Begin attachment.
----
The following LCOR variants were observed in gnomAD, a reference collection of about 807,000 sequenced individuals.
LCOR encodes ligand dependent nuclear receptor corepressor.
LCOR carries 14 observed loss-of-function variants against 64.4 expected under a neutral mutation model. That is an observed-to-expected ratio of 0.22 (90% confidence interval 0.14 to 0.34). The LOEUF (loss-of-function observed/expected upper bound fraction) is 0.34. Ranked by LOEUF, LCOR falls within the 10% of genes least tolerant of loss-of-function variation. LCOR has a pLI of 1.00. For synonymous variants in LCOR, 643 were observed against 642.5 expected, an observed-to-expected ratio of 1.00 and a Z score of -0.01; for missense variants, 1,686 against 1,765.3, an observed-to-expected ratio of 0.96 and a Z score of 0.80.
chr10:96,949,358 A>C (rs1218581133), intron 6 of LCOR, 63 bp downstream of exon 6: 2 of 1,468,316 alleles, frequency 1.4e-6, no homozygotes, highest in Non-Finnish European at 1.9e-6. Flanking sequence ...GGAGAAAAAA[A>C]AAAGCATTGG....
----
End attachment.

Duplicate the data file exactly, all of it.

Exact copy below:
The following LCOR variants were observed in gnomAD, a reference collection of about 807,000 sequenced individuals.
LCOR encodes ligand dependent nuclear receptor corepressor.
LCOR carries 14 observed loss-of-function variants against 64.4 expected under a neutral mutation model. That is an observed-to-expected ratio of 0.22 (90% confidence interval 0.14 to 0.34). The LOEUF (loss-of-function observed/expected upper bound fraction) is 0.34. Ranked by LOEUF, LCOR falls within the 10% of genes least tolerant of loss-of-function variation. LCOR has a pLI of 1.00. For synonymous variants in LCOR, 643 were observed against 642.5 expected, an observed-to-expected ratio of 1.00 and a Z score of -0.01; for missense variants, 1,686 against 1,765.3, an observed-to-expected ratio of 0.96 and a Z score of 0.80.
chr10:96,949,358 A>C (rs1218581133), intron 6 of LCOR, 63 bp downstream of exon 6: 2 of 1,468,316 alleles, frequency 1.4e-6, no homozygotes, highest in Non-Finnish European at 1.9e-6. Flanking sequence ...GGAGAAAAAA[A>C]AAAGCATTGG....